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When using sudo rm -r, how can I delete all files, with the exception of the following:

textfile.txt
backup.tar.gz
script.php
database.sql
info.txt
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1  
define some files –  SiGanteng Dec 1 '10 at 14:15
2  
Sounds like a question for unix.stackexchange.com –  Jason Dec 1 '10 at 14:16
    
There are 2 ways to read this question, and the existing answers cover both interpretations: EITHER: (a) preserve files with the specified names directly located in the target directory and - as rm -r implies - delete everything else, including subdirectories - even if they contain files with the specified names; OR: (b) traverse the entire subtree of the target directory and, in each directory, delete all files except those with the names listed. –  mklement0 Jun 5 at 4:31

9 Answers 9

find [path] -type f -not -name 'EXPR' | xargs rm

for example, delete all non txt-files in the current directory:

find . -type f -not -name '*txt' | xargs rm

The "find | xargs" combination is really useful.

If you don't specify "-type f" find will also list directories, which you may not want.

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it seems xargs has a text size limit –  frazras Mar 5 '13 at 6:37
10  
to delete multiple patterns : find . -type f -not -name '*ignore1' -not -name '*ignore2' | xargs rm –  Siwei Shen Mar 18 '13 at 7:38
1  
what about directories? it will delete all files, but does it remove folders?! –  emab Apr 30 '13 at 5:41
2  
Instead of "| xargs rm", find takes a -delete parameter. –  Emil Stenström Jul 16 '13 at 13:22
4  
This answer contains a bug in that if a "found" file path contains spaces the space will act as an argument delimiter to xargs leading to some possibly nasty consequences. One way around this is to use find -print0 | xargs -0 rm to split on NULL characters, but as others have pointed out, the most robust solution here is probably just to use find -delete –  Jamie Bullock Jul 31 '13 at 9:02
rm !(textfile.txt|backup.tar.gz|script.php|database.sql|info.txt)

The extglob (Extended Pattern Matching) needs to be enabled in BASH (if it's not enabled):

shopt -s extglob
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1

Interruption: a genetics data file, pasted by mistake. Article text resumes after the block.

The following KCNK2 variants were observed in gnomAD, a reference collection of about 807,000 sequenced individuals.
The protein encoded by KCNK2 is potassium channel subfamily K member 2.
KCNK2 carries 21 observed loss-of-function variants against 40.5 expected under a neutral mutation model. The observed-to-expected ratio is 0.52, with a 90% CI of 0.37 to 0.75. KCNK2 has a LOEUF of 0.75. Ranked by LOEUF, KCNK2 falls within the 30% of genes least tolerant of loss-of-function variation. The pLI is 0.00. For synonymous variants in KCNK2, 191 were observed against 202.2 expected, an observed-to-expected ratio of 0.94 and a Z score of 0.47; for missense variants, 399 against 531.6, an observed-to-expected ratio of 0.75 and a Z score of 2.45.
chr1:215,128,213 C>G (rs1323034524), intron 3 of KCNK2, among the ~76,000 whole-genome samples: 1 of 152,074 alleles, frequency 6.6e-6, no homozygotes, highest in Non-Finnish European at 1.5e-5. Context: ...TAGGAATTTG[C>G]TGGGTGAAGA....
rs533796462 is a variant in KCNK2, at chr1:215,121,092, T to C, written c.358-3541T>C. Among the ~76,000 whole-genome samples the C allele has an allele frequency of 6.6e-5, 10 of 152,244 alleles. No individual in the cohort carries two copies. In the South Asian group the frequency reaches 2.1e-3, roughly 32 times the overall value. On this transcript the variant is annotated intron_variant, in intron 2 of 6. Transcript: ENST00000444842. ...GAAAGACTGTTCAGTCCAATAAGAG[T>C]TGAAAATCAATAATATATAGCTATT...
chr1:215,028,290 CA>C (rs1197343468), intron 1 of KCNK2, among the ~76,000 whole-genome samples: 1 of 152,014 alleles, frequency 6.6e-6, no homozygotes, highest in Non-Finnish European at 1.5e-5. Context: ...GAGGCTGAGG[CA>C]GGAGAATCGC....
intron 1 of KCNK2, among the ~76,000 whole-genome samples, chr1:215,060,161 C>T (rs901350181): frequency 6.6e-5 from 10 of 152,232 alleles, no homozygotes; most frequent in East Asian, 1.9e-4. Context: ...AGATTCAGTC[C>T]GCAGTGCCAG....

I get "syntax error near unexpected token `('" when I do shopt -s extglob; rm -rf !(README|LICENSE). Any idea why? –  Dennis Oct 26 '13 at 22:44
    
@Dennis, did you solve this problem? –  nic Jan 14 at 7:51
    
@nic I don't remember, sorry. I probably ended up using find with the -delete option. –  Dennis Jan 14 at 15:32
    
This is the best solution for me and it works by default on my Ubuntu 12.04.4 LTS with no need for shopt –  xtian May 5 at 10:16
    
@xtian: extglob is OFF by default, so if you find it's on already, something must have turned it on, such as your bash profile (either directly or by sourcing a script that turns it on, which happens with careless 3rd-party scripts). –  mklement0 Jun 5 at 3:35

find . | grep -v "excluded files criteria" | xargs rm

This will list all files in current directory, then list all those that don't match your criteria (beware of it matching directory names) and then remove them.

Update: based on your edit, if you really want to delete everything from current directory except files you listed, this can be used:

mkdir /tmp_backup && mv textfile.txt backup.tar.gz script.php database.sql info.txt /tmp_backup/ && rm -r && mv /tmp_backup/* . && rmdir /tmp_backup

It will create a backup directory /tmp_backup (you've got root privileges, right?), move files you listed to that directory, delete recursively everything in current directory (you know that you're in the right directory, do you?), move back to current directory everything from /tmp_backup and finally, delete /tmp_backup.